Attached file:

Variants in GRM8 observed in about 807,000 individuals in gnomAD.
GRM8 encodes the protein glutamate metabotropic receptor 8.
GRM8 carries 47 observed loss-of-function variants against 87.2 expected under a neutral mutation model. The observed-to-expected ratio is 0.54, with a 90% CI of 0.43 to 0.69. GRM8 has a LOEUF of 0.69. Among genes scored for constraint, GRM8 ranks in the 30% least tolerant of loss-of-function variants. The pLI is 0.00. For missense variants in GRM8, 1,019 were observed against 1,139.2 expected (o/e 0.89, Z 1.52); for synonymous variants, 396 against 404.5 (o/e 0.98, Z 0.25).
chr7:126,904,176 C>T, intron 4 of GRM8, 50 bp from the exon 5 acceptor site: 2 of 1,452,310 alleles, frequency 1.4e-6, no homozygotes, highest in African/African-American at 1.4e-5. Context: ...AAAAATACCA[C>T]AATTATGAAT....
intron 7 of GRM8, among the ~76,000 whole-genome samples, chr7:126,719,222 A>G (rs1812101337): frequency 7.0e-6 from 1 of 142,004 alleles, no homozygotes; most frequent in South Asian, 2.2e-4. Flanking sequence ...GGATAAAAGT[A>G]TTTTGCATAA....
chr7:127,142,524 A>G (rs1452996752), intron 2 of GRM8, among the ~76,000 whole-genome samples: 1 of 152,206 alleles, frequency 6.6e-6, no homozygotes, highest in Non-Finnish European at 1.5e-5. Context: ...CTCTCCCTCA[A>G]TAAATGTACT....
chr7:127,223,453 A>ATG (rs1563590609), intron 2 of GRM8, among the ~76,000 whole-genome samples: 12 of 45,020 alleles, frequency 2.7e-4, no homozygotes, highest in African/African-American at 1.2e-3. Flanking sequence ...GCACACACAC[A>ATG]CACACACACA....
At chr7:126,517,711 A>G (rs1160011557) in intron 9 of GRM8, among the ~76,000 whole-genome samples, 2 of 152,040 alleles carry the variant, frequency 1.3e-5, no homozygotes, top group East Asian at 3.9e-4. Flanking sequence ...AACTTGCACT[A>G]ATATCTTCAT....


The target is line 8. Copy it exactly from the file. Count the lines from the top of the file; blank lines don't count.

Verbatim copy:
At chr7:126,517,711 A>G (rs1160011557) in intron 9 of GRM8, among the ~76,000 whole-genome samples, 2 of 152,040 alleles carry the variant, frequency 1.3e-5, no homozygotes, top group East Asian at 3.9e-4. Flanking sequence ...AACTTGCACT[A>G]ATATCTTCAT....